I’ve often wondered when I see something advertised as ‘Heavy Duty,’ if something is so much better, why isn’t it the standard or the norm? Why is there even a ‘Light Duty’ or ‘Regular Duty’?

In the sweeping industry, when it comes to replacement parts or components, it’s not always about heavy-duty being a better product or option. Often it has everything to do with the application itself. Heavy-duty isn’t always the best choice, but sometimes it’s the smart choice. Depending on the product, you can save big money by investing a bit more up front for the heavy-duty. We’ll look at both examples, Application vs. Durability.

Heavy Duty Flaps

Let’s take the sweeping head flaps or ‘rubbers’ for example. There may be a light-duty and a heavy-duty flap available. These may also be referred to as Litter Flap and Power Flap, and there is a significant performance difference depending on your application. If you are sweeping light litter, trash, and paper, the regular or litter flap is best suited for this type of debris. The lighter front flap will allow the litter and lighter debris to pass under it and into the head suction channel. The heavy-duty flap would be better suited for heavy materials such as sand, gravel, and good old dirt. When using the heavy-duty or power-flap material on light litter such as paper, Styrofoam cups, plastic bottles, etc., it will often just push the litter along and never sweep it up. This isn’t a sweeper performance issue but about using the right tool for the job.

Heavy Duty Hoses

hosesHead hoses are a bit different. A heavy-duty vulcanized rubber suction and exhaust hose can last up to ten times longer than a standard flex hose. Sure, it’s a bit pricier up front but let’s do the math. If you’re paying $100 for each flex hose and replacing them just twice a year (and that’s conservative) you’re spending $400 per year on the hoses per machine. Let’s say a heavy-duty hose will run you $400 each (4 times what you’re paying for the flex). Over a ten year period, you’re spending $4,000 on the flex hoses, and you’re only spending a ‘one time’ $800 for the heavy-duty hoses. Even if you end up replacing the heavy-duty hoses twice during that period, you’re still spending less than half. Not even factoring in the labor time it costs you to change out the flex hoses at least twice a year.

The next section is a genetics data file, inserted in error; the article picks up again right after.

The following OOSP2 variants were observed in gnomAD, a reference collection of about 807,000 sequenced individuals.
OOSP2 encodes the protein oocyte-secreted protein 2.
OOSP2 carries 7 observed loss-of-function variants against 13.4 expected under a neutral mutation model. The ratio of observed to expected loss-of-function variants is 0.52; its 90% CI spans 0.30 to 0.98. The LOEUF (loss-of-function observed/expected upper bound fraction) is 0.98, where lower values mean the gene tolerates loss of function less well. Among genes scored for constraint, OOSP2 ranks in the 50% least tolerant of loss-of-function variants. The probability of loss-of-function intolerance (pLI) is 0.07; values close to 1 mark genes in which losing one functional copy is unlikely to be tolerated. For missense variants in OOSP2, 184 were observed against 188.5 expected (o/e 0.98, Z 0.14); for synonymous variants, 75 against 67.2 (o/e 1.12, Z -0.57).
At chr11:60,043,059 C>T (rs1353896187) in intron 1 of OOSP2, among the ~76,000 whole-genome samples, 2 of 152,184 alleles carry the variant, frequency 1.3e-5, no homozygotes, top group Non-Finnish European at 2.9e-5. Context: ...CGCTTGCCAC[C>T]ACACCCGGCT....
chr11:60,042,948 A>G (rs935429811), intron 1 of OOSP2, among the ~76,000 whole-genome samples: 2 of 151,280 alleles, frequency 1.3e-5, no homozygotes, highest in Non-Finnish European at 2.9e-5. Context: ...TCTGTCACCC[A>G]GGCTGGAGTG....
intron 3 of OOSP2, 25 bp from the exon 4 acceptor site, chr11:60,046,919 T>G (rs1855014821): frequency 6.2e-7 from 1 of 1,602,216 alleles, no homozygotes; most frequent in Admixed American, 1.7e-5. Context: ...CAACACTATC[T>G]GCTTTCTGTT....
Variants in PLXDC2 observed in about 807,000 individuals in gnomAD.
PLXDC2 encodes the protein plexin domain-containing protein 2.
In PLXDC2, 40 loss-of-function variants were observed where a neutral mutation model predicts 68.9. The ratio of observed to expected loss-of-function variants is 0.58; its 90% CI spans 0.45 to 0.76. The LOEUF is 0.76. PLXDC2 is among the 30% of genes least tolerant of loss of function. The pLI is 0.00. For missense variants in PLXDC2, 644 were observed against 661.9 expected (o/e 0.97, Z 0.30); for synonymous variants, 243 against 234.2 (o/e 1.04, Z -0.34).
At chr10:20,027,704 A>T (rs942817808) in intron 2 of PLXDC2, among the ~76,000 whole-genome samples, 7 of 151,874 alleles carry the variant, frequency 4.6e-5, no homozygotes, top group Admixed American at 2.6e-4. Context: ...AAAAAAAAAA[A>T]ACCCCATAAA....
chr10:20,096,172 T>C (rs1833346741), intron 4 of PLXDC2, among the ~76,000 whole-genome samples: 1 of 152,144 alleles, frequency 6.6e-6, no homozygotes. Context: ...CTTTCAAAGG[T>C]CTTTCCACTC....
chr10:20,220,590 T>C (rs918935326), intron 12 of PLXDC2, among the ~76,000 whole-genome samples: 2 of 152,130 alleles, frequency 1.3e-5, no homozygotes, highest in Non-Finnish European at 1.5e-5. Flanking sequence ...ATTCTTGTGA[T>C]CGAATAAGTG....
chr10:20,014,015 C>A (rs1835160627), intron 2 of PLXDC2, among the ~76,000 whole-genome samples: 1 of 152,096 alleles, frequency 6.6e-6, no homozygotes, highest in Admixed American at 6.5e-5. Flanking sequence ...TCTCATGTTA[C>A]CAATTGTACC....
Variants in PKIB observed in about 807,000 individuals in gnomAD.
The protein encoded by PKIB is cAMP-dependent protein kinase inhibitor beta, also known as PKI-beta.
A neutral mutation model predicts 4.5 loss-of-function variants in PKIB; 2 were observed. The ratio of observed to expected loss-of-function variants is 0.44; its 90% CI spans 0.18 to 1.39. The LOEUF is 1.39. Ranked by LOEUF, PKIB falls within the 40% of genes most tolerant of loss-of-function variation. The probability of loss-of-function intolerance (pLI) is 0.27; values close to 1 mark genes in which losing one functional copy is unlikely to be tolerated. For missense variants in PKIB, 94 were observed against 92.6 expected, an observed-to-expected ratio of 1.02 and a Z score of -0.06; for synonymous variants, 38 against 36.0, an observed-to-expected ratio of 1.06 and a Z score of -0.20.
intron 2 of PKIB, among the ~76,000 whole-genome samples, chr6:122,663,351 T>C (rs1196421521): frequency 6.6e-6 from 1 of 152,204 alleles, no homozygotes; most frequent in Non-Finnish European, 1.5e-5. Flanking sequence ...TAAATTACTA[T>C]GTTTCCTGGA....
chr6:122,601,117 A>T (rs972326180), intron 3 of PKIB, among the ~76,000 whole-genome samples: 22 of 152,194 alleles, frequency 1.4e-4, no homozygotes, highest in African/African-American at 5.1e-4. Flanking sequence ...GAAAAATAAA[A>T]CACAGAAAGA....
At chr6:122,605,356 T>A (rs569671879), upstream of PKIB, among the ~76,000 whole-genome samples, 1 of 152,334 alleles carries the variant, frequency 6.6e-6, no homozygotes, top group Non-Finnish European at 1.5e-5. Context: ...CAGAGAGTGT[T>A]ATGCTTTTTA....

Heavy Duty Bumpers

Most manufacturers offer a heavy-duty bumper as an option. But your truck came with a regular bumper and rest assured you paid good money for it. How good? As much as a thousand dollars ‘good.’ If (or when) damaged, plan on paying about $400-$500 to replace the front grill and another $500-$600 each for the headlight assemblies.

bumperThe heavy-duty bumper option offered by sweeper manufacturers range anywhere from $500 to $1,000. While the bumper pictured may be a bit extreme for a parking lot sweeper it would likely pay for itself in a short period. If this one-time investment can save your chassis from the demolition derby you know your operators are entering on a nightly basis, why wouldn’t you invest to protect your truck? Spend a little to save a lot. It’s a no-brainer and your sweeper truck will look much better much longer.

Heavy Duty Batteries

You’ll seldom see a battery labeled as ‘Heavy Duty’ these days. So, when it comes to batteries, simply do your homework. Consider several factors when choosing a battery. Consider if you want to invest in an Absorbed Glass Mat battery or stick with the more traditional maintenance free lead acid battery. The AGM’s will tolerate draining and recharging much better than a traditional battery and are becoming the norm in the automotive industry. They will cost you anywhere from one-and-a-half to twice the price of a traditional battery but may be worth the extra cash up front. Also, choose a fresh battery. Yes, they’re freshness dated. A battery loses strength over time when sitting on the shelf. Choose one that’s six months old or less. Refer to the shipping date code on the battery and if you can’t decipher it, get a salesperson to do it for you. Hot environments are hard on batteries and can cause plate corrosion and vaporize electrolytes. Keep this in mind and choose a battery that has proven itself in testing and has done well in a cold crank test. Lastly, compare warranties as these can vary a great deal. The warranty code will reflect the full free replacement period and then the prorated period. A battery with a warranty of 24/60 gives you full replacement up to 24 months and then it’s prorated for the next three years or 36 months.

Heavy Duty Battery Cables

Heavy-duty battery cables also make a difference, and this is one place you don’t want to be under rated. Select a Heavy Duty large gauge cable with the highest amp rating. You’ll find 600 amps to be the largest in the consumer grade, and 800 amps cable is a good commercial grade. If you’ve ever tried to jump start a car with one of those dollar store cables, you know what I’m talking about. If you need jumper cables, you’re not looking to ‘trickle’ charge your battery. You need to go now! Pay a little extra and you know you’ll get the juice!

By Brenda Bell, Customer Service Manager at Schwarze Industries

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